Mauritius Tourist Information and Tourism

(Mauritius, MU, Africa)

Photograph of shoppers and tourists in Port LouisThe Republic of Mauritius lies on the south-western side of the Indian Ocean, with the Seychelles being to the north-west and Madagascar (the fourth-largest island in existence) directly to the west, along with the African continent as a whole. As well as the main island of Mauritius, the nation also comprises the Agalega Islands, and the islands of both Cargados Carajos and Rodrigues.

Famous for once being home to the now extinct dodo bird, the multicultural island nation of Mauritius is renowned for its powdery beaches, appealing tourism resorts, azure-blue waters and tropical rainforests. However, away from the principal coastal resorts and in the capital of Port Louis you will find a contrasting hectic city life, complete with heavy traffic, modern shopping malls and urban development. It is in Port Louis where you will find the Mauritius Tourism Promotion Authority (MTPA), which is packed with tourist information and maps, and located on St. Louis Street - just a few blocks back from the bustling Caudan Waterfront (Le Caudan) and Victoria Square.

Further view of the Port Louis Caudan Waterfront

Mauritius Tourist Information and Tourism: Top Sights

There is much to do around Mauritius, although the best attractions are usually based along its lengthy coastline. At Tamarin Bay you can find some excellent surfing waves or simply watch the breaching dolphins, while at the former fishing village of Flic en Flac, you can expect everything from a vast public beach lined with buzzing clubs and restaurants, to a nearby nature reserve (Casela) and a traditional sugar factory (Medine).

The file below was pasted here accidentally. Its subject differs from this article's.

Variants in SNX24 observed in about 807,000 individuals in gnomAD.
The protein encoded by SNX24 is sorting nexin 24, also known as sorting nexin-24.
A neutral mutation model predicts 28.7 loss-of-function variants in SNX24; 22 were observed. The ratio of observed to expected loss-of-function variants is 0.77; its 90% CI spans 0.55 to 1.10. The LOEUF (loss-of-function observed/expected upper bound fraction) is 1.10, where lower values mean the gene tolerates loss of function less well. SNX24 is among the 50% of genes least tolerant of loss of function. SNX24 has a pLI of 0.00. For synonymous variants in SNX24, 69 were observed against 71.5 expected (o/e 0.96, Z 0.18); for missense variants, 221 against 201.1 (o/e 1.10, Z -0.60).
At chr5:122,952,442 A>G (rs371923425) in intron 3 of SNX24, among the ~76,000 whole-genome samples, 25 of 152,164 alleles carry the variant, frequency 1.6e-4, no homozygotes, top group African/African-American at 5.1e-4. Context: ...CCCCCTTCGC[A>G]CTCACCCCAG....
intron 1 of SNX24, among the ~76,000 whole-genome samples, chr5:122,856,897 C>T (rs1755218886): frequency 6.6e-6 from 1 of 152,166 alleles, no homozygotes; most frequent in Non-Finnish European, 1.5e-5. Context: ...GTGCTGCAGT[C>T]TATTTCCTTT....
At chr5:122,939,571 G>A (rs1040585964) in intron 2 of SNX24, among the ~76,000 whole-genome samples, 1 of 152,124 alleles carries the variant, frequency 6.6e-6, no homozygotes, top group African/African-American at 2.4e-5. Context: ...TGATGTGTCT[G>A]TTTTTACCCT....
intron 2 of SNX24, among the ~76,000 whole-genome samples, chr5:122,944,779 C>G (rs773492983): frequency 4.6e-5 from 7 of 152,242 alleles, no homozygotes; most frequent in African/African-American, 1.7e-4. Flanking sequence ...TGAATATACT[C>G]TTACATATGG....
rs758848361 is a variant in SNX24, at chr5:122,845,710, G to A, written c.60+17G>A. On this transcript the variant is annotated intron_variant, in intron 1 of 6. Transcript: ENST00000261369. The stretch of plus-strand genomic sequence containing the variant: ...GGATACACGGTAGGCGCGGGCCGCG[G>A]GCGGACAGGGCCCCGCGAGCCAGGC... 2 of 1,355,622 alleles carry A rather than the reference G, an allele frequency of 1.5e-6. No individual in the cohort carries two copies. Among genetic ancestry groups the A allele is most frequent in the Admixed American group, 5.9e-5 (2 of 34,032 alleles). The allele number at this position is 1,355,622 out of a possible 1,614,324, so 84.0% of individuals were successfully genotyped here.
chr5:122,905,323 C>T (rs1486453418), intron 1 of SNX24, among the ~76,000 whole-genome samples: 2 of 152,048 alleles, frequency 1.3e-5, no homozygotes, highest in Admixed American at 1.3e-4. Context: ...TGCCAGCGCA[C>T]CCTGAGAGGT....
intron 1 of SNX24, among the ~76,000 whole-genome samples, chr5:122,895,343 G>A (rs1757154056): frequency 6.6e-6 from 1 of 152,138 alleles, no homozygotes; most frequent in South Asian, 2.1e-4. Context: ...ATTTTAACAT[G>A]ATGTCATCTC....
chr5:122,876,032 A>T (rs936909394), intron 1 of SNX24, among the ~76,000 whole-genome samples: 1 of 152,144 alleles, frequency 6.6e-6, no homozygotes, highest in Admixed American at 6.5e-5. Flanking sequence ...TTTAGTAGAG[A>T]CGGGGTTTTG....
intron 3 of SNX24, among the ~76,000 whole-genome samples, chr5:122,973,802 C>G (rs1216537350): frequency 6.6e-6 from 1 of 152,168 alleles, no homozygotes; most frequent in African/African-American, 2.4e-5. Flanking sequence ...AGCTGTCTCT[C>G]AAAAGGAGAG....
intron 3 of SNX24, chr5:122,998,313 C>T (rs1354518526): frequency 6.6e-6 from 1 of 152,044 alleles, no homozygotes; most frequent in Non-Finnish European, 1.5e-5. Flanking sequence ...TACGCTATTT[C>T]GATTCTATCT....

Picture of the famous Caudan Waterfront at Port LouisFamilies on holiday here will no doubt enjoy hanging out at the fun-packed Waterpark Leisure Village or exploring the relaxing paradise that is Grand Bay (Grand Baie), where the tropical beachfront is conveniently close to Port Louis. Other popular beaches include Belle Mare - next to Trou d'Eau Douce, Gris Gris in the southerly Souillac area, northerly Pereybere and Mont Choisy. For scuba diving, Colorado, Flic en Flac, Roches Zozo and Trou aux Biches have all become renowned dive hotspots, as have the nearby islands of Coin de Mire and Ile Plate. More information about Mauritius Beaches and Mauritius Scuba Diving.

Other enticing highlights around Mauritius include the Black River Gorges National Park, the Domaine du L'Etoile Nature Reserve, the Domaine du Chasseur Nature Reserve, the colonial plantations of Moka's Eureka Mansion, the busy markets at Mahebourg, and the Mauritian fauna at the Yemen Reserve. Sightseers often begin their Mauritian holiday in Port Louis, with its Royal Botanical Gardens of Pamplemousses being quite a sight to savour. Also in Port Louis is the historical Aapravasi Ghat (Immigration Depot), where literally hundreds of thousands of immigrants once registered their arrival.

Beachfront photoApart from the beaches, families on holiday may like to pay a visit to the Mauritius Aquarium at Pointe aux Piments, the tortoise breeding centre at Senneville - La Vanille Reserve des Mascareignes, and the Casela Nature and Leisure Park in Cascavelle, where its fun safari jeep-rides have become something of a tourist magnet. Located on a neighbouring island is the Ile aux Aigrettes Nature Reserve, with its important population of highly endangered Mauritius Kestrels. More information about Mauritius Tourist Attractions and Mauritius National Parks.